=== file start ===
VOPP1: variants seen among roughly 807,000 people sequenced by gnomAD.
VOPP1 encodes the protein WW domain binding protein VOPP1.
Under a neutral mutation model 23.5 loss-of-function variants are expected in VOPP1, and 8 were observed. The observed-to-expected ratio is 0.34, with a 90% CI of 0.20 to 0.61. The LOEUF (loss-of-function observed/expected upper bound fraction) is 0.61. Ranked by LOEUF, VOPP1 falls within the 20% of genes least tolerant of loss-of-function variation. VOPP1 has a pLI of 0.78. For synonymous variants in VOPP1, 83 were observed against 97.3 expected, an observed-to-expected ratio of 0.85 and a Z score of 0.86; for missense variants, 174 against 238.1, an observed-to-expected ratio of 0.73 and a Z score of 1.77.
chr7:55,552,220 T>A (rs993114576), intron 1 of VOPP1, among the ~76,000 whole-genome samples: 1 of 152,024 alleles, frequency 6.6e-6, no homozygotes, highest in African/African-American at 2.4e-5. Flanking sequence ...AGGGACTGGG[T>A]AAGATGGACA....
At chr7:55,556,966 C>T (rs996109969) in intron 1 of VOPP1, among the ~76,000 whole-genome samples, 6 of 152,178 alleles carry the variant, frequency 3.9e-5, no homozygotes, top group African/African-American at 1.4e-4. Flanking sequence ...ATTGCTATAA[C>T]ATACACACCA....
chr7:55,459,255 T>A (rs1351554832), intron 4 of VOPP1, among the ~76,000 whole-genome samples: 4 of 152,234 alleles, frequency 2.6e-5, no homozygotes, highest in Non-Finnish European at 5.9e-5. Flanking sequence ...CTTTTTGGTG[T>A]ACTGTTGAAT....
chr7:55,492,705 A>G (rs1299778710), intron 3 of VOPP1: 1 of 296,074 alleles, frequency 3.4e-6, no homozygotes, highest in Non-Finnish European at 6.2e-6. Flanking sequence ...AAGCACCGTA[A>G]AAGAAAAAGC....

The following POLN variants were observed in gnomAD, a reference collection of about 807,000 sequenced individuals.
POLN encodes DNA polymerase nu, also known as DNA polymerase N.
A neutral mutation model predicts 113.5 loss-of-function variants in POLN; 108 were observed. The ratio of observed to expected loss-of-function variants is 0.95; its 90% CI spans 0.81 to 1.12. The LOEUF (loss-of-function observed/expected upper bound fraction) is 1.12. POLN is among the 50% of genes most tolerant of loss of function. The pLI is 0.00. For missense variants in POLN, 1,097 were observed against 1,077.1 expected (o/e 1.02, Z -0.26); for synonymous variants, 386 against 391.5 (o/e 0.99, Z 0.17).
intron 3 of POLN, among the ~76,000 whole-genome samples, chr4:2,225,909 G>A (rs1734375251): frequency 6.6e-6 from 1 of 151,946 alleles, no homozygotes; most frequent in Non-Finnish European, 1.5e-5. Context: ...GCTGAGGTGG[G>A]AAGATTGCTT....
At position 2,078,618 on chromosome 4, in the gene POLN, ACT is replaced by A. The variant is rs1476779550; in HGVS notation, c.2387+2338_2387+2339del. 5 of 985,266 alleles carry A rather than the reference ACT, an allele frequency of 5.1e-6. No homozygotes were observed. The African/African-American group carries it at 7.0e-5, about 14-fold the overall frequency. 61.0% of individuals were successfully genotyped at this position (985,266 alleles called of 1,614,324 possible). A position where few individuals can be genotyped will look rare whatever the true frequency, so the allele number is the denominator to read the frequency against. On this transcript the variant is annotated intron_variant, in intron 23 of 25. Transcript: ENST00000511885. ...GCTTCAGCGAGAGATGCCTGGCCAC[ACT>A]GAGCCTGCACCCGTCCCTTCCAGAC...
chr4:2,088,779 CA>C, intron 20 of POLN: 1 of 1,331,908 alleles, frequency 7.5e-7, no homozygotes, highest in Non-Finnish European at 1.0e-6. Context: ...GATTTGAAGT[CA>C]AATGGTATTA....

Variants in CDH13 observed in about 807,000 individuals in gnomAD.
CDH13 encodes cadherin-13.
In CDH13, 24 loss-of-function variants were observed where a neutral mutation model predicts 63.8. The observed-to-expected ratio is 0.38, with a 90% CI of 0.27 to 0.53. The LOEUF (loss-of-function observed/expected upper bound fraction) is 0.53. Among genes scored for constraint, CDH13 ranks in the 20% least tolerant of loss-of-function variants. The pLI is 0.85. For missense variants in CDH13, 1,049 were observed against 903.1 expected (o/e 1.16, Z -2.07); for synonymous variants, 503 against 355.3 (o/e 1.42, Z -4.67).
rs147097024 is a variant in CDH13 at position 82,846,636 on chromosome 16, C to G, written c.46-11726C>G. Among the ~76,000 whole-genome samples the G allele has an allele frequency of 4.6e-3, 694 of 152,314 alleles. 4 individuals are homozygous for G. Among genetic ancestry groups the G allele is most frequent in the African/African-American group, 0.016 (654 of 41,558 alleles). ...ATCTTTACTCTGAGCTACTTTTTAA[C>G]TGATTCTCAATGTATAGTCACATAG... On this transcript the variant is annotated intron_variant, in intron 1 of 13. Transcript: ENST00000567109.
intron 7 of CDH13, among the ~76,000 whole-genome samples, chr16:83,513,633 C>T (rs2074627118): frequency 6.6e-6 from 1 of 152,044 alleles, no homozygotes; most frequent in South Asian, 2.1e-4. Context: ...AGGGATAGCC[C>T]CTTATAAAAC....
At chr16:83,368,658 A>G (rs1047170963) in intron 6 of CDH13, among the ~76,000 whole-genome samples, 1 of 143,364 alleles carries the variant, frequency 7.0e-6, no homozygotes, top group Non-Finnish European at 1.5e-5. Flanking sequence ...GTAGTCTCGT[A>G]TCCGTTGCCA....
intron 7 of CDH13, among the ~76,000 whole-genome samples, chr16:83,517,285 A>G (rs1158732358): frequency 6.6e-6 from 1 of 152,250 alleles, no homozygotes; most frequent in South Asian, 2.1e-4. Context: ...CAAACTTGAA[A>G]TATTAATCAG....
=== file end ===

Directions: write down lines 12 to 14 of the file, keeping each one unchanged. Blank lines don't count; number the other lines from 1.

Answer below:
At position 2,078,618 on chromosome 4, in the gene POLN, ACT is replaced by A. The variant is rs1476779550; in HGVS notation, c.2387+2338_2387+2339del. 5 of 985,266 alleles carry A rather than the reference ACT, an allele frequency of 5.1e-6. No homozygotes were observed. The African/African-American group carries it at 7.0e-5, about 14-fold the overall frequency. 61.0% of individuals were successfully genotyped at this position (985,266 alleles called of 1,614,324 possible). A position where few individuals can be genotyped will look rare whatever the true frequency, so the allele number is the denominator to read the frequency against. On this transcript the variant is annotated intron_variant, in intron 23 of 25. Transcript: ENST00000511885. ...GCTTCAGCGAGAGATGCCTGGCCAC[ACT>A]GAGCCTGCACCCGTCCCTTCCAGAC...
chr4:2,088,779 CA>C, intron 20 of POLN: 1 of 1,331,908 alleles, frequency 7.5e-7, no homozygotes, highest in Non-Finnish European at 1.0e-6. Context: ...GATTTGAAGT[CA>C]AATGGTATTA....

Variants in CDH13 observed in about 807,000 individuals in gnomAD.